The success of counseling largely depends on the client’s attitude. The obstinate client will most likely fail.  On the other hand, if one shares truthfully without being defensive, the counselor will be able to offer proper guidance.  Solutions to problems may very well be in sight.  Some hesitate to change, fearing the added pressure of adjustment as a result of changes.  There are also some who only expect others to change to meet their expectations.  They would never consider self-examination, while always casting blame on others.

In order for counseling to be helpful, the counselor’s primary role must be an encourager and a cheerleader so that the client feels secure, respected, and accepted. The job goes beyond psychological analysis.  However, as much as emotional support is needed, the client needs to learn independence, recognize boundaries, assume his own responsibility, remain hopeful, and be confident of change. Drawing support from people around him also plays an important role toward success.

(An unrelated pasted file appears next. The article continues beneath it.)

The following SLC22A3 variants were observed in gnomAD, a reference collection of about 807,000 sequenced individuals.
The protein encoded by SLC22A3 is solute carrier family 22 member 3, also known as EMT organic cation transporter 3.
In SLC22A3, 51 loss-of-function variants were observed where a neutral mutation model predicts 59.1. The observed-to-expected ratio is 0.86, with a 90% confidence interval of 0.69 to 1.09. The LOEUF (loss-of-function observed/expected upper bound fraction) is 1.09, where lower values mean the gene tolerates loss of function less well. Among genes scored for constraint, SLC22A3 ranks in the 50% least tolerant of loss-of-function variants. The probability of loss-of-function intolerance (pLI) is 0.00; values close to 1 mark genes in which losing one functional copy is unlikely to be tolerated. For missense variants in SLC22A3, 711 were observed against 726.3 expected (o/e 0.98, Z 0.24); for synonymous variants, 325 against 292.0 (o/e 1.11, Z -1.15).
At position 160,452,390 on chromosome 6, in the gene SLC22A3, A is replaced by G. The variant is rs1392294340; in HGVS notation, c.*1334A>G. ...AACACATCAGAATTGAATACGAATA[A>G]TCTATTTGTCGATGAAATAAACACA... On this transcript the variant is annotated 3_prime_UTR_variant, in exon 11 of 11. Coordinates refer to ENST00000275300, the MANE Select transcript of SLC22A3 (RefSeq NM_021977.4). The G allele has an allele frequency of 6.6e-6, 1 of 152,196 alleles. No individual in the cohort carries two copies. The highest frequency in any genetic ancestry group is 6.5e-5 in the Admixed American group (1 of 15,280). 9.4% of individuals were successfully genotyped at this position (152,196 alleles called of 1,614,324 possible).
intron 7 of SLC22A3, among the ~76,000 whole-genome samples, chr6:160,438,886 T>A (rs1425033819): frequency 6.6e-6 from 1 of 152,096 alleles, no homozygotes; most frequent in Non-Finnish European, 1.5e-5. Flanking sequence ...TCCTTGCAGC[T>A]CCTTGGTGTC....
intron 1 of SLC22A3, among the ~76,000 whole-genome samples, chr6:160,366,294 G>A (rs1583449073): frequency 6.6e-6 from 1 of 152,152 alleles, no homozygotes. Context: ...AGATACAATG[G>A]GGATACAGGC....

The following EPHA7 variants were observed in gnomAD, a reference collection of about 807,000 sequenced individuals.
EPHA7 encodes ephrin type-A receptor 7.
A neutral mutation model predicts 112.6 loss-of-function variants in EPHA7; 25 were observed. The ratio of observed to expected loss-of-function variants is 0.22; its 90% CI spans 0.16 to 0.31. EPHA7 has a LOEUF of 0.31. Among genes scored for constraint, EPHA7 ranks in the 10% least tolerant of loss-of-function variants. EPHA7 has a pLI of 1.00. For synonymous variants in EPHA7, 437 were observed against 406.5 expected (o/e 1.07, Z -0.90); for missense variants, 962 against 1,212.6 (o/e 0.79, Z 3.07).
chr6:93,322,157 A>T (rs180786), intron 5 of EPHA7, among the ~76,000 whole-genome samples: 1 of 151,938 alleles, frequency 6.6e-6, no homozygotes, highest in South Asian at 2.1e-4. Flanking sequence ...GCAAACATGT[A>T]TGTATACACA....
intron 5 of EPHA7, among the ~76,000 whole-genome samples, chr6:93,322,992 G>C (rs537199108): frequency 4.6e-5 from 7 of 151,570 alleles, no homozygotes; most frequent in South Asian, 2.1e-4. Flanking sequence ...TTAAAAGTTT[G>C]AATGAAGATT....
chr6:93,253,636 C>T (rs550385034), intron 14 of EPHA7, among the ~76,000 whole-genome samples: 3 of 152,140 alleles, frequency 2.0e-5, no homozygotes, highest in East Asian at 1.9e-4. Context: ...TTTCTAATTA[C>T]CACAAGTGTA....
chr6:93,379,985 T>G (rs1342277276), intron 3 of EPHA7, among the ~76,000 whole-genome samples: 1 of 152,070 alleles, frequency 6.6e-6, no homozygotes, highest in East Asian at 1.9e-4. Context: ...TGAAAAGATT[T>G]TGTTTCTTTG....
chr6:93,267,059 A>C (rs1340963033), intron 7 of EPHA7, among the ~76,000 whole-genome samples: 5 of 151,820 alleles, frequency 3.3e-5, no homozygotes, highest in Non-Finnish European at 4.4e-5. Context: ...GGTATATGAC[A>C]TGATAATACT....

Annette recalls one successful case involving domestic violence.  Fleeing from her abusive husband, her client, Anne* moved to the U.S. with her children.  Emotionally wounded and stressed by the demands of life, she was helpless and worn out.  To get on the road to recovery, Anne had to first deal with their physical needs.  She learned how to effectively make use of the social welfare benefits.   Then she established boundaries to protect herself and her children from further harm by the husband who still visited occasionally.  Gradually she felt empowered to say no to unfair treatment.   Growing up in an abusive family, this was a major breakthrough and a brave step for Anne.  Annette, as counselor, came alongside to offer support and encouragement.  With the goal to love and protect her children, in addition to the hope of a brighter future for her kids, Anne persevered, grew, and matured.  Eventually, Anne was able to emerge from the bondage of violence, and to raise her children in a secure home environment.